I think it would be good for you to step back and consider what this script actually does, because it is still a gigantic security hole. Here is what it does:
- Take the user's input (which is always untrustworthy)
- See if it's extension is allowed according to a small list of possible extensions
- If so, pass it off to the user
Now that you have it die for unrecognized file extensions, it won't let them download your actual php files. But it will still let the user do all sorts of terrible things, all of which comes down to one very key issue:
You make no attempt to verify that the file being requested is actually reasonable for the person to view!!!
A key point is that readfile() doesn't care where the file is. Nor does it even assume that the file is in your website's public directory. The only reason it is downloading files from your web directory is because you didn't start the filename with a slash. However, readfile() will happily pass along anything on the server that it has read access to. Without your recent change a user could have just as easily done this:
Moreover, it doesn't even have to be an actual file on the server. In most PHP installations PHP will happily load up URLs as actual files. So someone could also use your script as a proxy:
That sort of vulnerability (the ability to use your script as a proxy) is still present in your current solution. Anytime I see a website take file paths like this I love to see just how much it will let me get away with. You could set yourself up for a world of hurt in the worst case scenario.
You have to look at it from a defense-in-depth scenario. What it boils down to is the difference between blacklisting (what is the user not allowed to do) and whitelisting (what should this user be allowed to do). Good security practices rely on the latter method of thinking exclusively, because it is impossible to come up with a completely exhaustive blacklist that covers all possible scenarios.
In a case like this if you want a user to be able to download files you need some sort of list of files that are allowed to be downloaded. One example would be to place any file that is supposed to be downloaded into a specific directory. If a user requests a file then your script can use realpath() to make sure that file is actually in your public directory and otherwise forbid the download. Although if they are all in one directory you could just as easy change a configuration rule in your webserver (e.g. apache or nginx) to have it automatically add the 'content-disposition: attachment' header to anything in that directory. Then you just have to make sure that you never put the wrong files in that public directory.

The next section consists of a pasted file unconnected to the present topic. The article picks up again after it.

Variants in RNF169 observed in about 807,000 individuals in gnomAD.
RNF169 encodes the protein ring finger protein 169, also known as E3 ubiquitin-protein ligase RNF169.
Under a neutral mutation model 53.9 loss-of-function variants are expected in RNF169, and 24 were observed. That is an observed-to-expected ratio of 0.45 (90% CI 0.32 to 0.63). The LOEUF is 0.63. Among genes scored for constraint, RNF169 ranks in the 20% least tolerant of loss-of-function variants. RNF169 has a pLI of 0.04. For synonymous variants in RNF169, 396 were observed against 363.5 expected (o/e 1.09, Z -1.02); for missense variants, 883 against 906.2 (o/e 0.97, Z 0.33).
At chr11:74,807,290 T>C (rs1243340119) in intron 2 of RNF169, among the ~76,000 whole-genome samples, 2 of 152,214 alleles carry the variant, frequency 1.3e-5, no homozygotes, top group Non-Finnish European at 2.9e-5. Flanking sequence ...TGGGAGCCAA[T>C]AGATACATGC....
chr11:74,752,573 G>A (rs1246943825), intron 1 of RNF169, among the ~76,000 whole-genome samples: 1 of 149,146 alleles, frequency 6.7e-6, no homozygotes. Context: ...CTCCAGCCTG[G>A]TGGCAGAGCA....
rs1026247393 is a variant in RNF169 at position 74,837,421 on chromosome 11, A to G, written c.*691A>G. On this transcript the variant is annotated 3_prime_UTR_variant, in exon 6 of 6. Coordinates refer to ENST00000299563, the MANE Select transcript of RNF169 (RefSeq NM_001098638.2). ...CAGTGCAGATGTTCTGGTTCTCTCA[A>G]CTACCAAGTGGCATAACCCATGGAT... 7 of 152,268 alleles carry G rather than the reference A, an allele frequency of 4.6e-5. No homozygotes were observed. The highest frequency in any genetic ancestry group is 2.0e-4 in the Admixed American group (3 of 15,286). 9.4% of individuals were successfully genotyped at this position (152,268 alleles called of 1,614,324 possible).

Me personally though, I would approach it with a complete white-list. I would never let someone specify a filename and then use it to download a file. Rather I would have an administrative area where I manage files that are marked for download: the list of allowed files would be stored in the database and managed by me. When the user downloads a file they don't do it by specifying a filename but rather by specifying the id from the database that corresponds to the file they want to download (a simple user interface is necessary to facilitate this). The ID is used to lookup the file path, and the file can then be downloaded safely. You can then even store the files in directories outside the public area of your website so that you have full control over who can access the files.
That last suggestion is probably overkill for what you are trying to do, but the short of this is simple: you have to think carefully about the security implications of your code and make sure you are giving the user the minimum amount of privileges possible.